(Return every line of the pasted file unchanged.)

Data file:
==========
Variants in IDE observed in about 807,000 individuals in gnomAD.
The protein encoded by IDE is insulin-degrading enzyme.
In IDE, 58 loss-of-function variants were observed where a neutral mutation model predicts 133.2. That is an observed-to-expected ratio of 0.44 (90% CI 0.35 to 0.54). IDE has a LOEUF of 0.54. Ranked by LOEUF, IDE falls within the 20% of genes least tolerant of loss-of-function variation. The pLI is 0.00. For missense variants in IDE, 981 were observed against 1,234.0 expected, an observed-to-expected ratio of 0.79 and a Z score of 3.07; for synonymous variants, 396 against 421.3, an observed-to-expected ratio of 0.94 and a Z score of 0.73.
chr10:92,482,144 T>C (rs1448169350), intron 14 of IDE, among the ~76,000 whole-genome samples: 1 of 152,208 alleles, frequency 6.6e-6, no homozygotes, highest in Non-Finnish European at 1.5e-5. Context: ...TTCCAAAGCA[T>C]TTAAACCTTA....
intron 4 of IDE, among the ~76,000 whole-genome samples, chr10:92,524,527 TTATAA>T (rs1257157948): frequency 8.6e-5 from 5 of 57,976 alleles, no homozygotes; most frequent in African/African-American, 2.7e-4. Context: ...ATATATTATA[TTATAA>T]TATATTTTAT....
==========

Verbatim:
Variants in IDE observed in about 807,000 individuals in gnomAD.
The protein encoded by IDE is insulin-degrading enzyme.
In IDE, 58 loss-of-function variants were observed where a neutral mutation model predicts 133.2. That is an observed-to-expected ratio of 0.44 (90% CI 0.35 to 0.54). IDE has a LOEUF of 0.54. Ranked by LOEUF, IDE falls within the 20% of genes least tolerant of loss-of-function variation. The pLI is 0.00. For missense variants in IDE, 981 were observed against 1,234.0 expected, an observed-to-expected ratio of 0.79 and a Z score of 3.07; for synonymous variants, 396 against 421.3, an observed-to-expected ratio of 0.94 and a Z score of 0.73.
chr10:92,482,144 T>C (rs1448169350), intron 14 of IDE, among the ~76,000 whole-genome samples: 1 of 152,208 alleles, frequency 6.6e-6, no homozygotes, highest in Non-Finnish European at 1.5e-5. Context: ...TTCCAAAGCA[T>C]TTAAACCTTA....
intron 4 of IDE, among the ~76,000 whole-genome samples, chr10:92,524,527 TTATAA>T (rs1257157948): frequency 8.6e-5 from 5 of 57,976 alleles, no homozygotes; most frequent in African/African-American, 2.7e-4. Context: ...ATATATTATA[TTATAA>T]TATATTTTAT....